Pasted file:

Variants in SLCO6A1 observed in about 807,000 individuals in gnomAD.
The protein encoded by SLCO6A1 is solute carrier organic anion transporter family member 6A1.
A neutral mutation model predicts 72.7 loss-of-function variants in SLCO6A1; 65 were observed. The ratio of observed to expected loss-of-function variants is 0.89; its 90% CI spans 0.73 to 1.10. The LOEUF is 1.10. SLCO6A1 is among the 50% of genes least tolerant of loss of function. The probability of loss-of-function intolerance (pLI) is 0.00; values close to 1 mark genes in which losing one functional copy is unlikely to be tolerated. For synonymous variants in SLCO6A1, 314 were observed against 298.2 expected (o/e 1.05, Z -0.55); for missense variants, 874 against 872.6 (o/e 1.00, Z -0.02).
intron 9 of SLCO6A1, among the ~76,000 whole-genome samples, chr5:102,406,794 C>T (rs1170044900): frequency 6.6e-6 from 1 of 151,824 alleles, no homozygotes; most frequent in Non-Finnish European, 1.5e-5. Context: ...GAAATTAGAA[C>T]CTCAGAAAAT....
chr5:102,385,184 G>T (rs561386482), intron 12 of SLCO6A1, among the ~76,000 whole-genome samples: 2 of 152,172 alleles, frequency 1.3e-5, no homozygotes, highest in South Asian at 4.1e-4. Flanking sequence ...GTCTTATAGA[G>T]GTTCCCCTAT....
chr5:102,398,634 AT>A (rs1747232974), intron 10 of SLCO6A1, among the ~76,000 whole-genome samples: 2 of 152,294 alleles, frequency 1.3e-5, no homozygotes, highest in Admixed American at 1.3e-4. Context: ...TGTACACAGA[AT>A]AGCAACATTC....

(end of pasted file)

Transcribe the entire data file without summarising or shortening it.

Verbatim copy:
Variants in SLCO6A1 observed in about 807,000 individuals in gnomAD.
The protein encoded by SLCO6A1 is solute carrier organic anion transporter family member 6A1.
A neutral mutation model predicts 72.7 loss-of-function variants in SLCO6A1; 65 were observed. The ratio of observed to expected loss-of-function variants is 0.89; its 90% CI spans 0.73 to 1.10. The LOEUF is 1.10. SLCO6A1 is among the 50% of genes least tolerant of loss of function. The probability of loss-of-function intolerance (pLI) is 0.00; values close to 1 mark genes in which losing one functional copy is unlikely to be tolerated. For synonymous variants in SLCO6A1, 314 were observed against 298.2 expected (o/e 1.05, Z -0.55); for missense variants, 874 against 872.6 (o/e 1.00, Z -0.02).
intron 9 of SLCO6A1, among the ~76,000 whole-genome samples, chr5:102,406,794 C>T (rs1170044900): frequency 6.6e-6 from 1 of 151,824 alleles, no homozygotes; most frequent in Non-Finnish European, 1.5e-5. Context: ...GAAATTAGAA[C>T]CTCAGAAAAT....
chr5:102,385,184 G>T (rs561386482), intron 12 of SLCO6A1, among the ~76,000 whole-genome samples: 2 of 152,172 alleles, frequency 1.3e-5, no homozygotes, highest in South Asian at 4.1e-4. Flanking sequence ...GTCTTATAGA[G>T]GTTCCCCTAT....
chr5:102,398,634 AT>A (rs1747232974), intron 10 of SLCO6A1, among the ~76,000 whole-genome samples: 2 of 152,294 alleles, frequency 1.3e-5, no homozygotes, highest in Admixed American at 1.3e-4. Context: ...TGTACACAGA[AT>A]AGCAACATTC....